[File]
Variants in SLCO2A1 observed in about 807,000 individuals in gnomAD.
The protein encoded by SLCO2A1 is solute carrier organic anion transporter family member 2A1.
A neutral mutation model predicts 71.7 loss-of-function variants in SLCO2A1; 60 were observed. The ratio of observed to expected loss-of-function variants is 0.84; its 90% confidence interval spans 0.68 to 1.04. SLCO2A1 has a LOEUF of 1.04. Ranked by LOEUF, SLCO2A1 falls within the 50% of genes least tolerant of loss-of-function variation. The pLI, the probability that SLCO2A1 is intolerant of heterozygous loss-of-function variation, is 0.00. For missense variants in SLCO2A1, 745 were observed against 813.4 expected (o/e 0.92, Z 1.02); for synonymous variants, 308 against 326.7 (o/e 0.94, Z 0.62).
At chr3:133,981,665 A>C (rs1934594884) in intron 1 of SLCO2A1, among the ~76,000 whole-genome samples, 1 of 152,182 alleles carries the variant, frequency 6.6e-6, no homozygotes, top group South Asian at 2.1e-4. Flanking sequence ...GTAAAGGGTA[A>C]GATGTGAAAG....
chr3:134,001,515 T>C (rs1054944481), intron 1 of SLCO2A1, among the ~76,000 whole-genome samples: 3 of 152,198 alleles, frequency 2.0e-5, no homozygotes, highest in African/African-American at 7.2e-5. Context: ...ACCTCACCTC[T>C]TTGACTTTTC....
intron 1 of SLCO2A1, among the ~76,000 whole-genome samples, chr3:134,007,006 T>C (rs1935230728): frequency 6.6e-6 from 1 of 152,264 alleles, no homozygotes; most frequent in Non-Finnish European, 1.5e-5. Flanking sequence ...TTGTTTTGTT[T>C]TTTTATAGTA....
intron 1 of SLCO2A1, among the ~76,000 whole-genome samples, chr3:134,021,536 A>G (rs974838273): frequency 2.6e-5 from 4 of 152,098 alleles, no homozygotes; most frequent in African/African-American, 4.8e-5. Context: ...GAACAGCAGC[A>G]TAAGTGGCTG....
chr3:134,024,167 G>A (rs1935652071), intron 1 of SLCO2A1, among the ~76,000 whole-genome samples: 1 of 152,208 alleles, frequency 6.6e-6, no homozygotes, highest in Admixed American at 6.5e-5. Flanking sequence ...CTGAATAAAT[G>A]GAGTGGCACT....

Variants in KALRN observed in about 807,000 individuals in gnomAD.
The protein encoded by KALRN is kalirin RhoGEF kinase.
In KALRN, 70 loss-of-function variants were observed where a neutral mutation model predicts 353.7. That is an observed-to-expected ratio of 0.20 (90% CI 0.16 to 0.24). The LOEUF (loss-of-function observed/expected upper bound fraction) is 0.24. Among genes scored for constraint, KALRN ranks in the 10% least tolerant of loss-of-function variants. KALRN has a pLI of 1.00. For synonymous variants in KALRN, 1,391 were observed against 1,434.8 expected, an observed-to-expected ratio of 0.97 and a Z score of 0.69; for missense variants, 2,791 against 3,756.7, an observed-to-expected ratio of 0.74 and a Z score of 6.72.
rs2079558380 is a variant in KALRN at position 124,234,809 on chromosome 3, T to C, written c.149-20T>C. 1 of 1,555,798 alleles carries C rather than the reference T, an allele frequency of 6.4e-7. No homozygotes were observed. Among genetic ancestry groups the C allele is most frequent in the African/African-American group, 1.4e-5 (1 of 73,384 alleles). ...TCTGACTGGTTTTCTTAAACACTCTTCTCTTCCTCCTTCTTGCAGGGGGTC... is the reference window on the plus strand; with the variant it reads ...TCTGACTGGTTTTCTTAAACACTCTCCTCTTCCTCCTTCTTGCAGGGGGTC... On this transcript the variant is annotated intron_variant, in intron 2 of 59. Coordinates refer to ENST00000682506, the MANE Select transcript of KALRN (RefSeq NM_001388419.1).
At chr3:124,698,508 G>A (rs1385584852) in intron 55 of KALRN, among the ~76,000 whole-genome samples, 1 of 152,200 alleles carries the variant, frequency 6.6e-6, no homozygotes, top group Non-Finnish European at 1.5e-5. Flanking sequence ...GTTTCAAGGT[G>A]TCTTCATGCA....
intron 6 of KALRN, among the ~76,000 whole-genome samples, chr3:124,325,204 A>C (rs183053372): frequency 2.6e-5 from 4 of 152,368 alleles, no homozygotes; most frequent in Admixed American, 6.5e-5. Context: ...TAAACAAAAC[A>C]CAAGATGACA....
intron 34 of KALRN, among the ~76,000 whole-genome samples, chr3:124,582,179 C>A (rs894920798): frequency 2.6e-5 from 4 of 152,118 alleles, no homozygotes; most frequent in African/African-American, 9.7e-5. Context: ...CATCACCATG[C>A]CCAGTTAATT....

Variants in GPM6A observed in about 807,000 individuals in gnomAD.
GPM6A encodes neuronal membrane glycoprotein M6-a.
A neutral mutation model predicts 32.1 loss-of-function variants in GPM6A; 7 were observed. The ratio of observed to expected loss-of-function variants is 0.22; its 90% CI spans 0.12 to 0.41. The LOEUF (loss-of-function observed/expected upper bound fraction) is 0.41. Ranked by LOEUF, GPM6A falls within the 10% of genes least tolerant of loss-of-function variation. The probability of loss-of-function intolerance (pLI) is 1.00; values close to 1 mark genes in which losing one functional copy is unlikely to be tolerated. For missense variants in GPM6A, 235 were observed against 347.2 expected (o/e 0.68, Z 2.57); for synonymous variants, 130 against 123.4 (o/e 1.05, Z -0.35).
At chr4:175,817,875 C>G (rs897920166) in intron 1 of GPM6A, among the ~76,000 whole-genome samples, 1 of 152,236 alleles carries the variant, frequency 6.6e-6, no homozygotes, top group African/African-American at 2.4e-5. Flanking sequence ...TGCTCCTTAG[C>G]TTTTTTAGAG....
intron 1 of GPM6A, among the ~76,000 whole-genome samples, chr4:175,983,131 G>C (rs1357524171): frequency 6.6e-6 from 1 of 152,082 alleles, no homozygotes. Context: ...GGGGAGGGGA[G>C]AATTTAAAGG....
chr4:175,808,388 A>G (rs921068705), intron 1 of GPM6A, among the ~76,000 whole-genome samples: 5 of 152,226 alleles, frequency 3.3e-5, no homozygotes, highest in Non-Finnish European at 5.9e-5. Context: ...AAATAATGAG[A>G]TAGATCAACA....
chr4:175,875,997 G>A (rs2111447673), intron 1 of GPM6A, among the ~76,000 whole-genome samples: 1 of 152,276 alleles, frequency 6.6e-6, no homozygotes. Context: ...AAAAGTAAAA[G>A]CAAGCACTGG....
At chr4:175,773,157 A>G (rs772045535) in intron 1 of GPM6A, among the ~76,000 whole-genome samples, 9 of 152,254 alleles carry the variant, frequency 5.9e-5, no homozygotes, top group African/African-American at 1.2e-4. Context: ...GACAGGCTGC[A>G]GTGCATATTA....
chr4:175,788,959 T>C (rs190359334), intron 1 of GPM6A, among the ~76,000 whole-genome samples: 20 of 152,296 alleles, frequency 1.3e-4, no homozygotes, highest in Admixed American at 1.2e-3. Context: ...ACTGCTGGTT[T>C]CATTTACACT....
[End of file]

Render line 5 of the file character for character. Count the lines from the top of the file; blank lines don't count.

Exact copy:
chr3:134,001,515 T>C (rs1054944481), intron 1 of SLCO2A1, among the ~76,000 whole-genome samples: 3 of 152,198 alleles, frequency 2.0e-5, no homozygotes, highest in African/African-American at 7.2e-5. Context: ...ACCTCACCTC[T>C]TTGACTTTTC....